One of the many fun things you can do with a ukulele, after you’ve learned a few basic chords, is learn to fingerpick.
Have you ever sat and watched someone play a beautiful picking pattern, and thought, “That sounds amazing, and I wish I could do it, but I’m sure it’s really difficult”?
Here’s the secret: Simple fingerpicking (also called finger style) on the ukulele isn’t as hard as it looks. And your family and friends will be hugely impressed by your efforts. I can say this from personal experience!
I don’t consider myself an expert fingerpicker – I just enjoy it.
You will quickly find that you get far more accolades with simple fingerpicking, than you do by playing a complicated strum.
When you get the strum right, people just think the music sounds good. They don’t say, “Wow, she’s strumming really well!” The strum should blend seamlessly into the music.
Whereas fingerpicking is show pony stuff.
It’s not fair, but that’s just the way it is.
Picking is easy, but not instant
Simple fingerpicking on the ukulele isn’t super-hard. But like anything worthwhile, it’s not instant gratification. It will take you a few weeks of steady regular practice, to get your fingers used to plucking the strings in a regular pattern.
Also, it’s hard to fingerpick and sing at the same time. Well, I think so. That’s why I haven’t yet made many fingerpicking tutorials on my Youtube channel!
But fingerpicking on a ukulele is not as hard as fingerpicking on a guitar. There are fewer strings.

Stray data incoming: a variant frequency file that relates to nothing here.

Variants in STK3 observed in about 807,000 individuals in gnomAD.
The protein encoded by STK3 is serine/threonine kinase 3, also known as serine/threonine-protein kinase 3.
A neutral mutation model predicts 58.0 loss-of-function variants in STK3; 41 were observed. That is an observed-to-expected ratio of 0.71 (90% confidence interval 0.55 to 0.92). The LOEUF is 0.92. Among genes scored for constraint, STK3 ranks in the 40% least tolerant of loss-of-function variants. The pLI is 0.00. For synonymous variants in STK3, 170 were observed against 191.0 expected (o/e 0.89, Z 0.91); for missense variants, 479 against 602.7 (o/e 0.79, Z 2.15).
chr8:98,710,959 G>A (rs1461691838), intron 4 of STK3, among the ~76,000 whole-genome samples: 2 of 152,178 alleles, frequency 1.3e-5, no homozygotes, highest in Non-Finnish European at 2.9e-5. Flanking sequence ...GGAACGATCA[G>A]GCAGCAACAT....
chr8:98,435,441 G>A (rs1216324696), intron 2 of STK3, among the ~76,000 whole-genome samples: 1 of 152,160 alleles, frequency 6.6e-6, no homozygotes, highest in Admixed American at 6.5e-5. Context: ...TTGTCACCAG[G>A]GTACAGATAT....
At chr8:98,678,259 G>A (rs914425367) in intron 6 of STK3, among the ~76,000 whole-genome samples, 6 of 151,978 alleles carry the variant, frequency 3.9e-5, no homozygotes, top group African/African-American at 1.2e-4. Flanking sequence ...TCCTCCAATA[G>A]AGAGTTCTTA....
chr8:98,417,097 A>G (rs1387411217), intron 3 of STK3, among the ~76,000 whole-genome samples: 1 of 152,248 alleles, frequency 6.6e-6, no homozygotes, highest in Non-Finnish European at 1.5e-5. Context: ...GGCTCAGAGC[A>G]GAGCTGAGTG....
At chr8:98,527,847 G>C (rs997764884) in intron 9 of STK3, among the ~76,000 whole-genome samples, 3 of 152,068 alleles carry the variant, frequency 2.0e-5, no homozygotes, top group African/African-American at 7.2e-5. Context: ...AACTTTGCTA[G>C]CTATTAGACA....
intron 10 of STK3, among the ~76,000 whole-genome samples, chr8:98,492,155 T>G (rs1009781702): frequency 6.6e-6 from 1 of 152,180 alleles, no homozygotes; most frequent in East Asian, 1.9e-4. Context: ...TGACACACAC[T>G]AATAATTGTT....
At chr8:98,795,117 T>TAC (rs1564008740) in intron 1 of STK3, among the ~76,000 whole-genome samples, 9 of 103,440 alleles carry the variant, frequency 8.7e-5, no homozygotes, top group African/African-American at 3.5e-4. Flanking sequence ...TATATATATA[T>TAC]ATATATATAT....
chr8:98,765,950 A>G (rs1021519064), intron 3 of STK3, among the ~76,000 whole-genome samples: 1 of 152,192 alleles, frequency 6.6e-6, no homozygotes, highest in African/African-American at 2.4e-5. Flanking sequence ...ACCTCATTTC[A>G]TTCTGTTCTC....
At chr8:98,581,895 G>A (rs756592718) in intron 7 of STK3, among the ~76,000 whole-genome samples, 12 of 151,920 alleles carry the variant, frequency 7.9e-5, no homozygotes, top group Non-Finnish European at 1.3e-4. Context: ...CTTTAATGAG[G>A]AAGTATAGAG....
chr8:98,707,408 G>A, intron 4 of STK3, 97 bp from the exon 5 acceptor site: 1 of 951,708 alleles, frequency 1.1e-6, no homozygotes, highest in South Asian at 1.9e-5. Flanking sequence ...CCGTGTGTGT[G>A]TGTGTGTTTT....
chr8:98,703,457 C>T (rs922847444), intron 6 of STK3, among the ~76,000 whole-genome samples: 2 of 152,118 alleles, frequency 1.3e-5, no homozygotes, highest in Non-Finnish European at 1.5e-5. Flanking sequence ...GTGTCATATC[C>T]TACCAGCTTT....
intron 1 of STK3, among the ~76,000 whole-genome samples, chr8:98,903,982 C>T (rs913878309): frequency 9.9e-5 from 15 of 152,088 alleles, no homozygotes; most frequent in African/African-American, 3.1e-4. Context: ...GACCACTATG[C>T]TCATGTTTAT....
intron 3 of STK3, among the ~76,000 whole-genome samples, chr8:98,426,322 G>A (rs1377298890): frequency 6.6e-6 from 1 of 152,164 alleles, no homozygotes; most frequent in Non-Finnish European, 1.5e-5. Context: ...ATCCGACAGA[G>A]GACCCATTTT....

And with a ukulele, the expectations aren’t so high. People don’t expect ukulele players to be perfect. That takes a lot of pressure off.
When to start fingerpicking
Before you try to fingerpick, I recommend you first do a beginner ukulele course, like my DIY Beginner Ukulele course. That will take you four to six weeks.
When you’ve learned the basic chord shapes, and can play most of them without sneaking looks at the chord chart, and can change chords in time without stopping, then you’re ready to start learning to fingerpick.
The benefits of fingerpicking
- It sounds great
- It’s fun
- It’s wonderfully relaxing. When you’re practicing a fingerpicking pattern, you can’t think about anything else.
- Your friends and family will be impressed
- Choose one song.
- Choose one simple pattern.
- Sit down for 20 minutes a day and practice.
You don’t have to be able to read music to fingerpick. Reading tablature is handy for explaining the fingerpicking pattern for a specific song, but you don’t have to read the tab all the way through the song. Many people find it easier to fingerpick by ear.
If you start with an easy song arrangement, the pattern will be the same all the way through. You just pick the same pattern as you change chords.
Good songs to start fingerpicking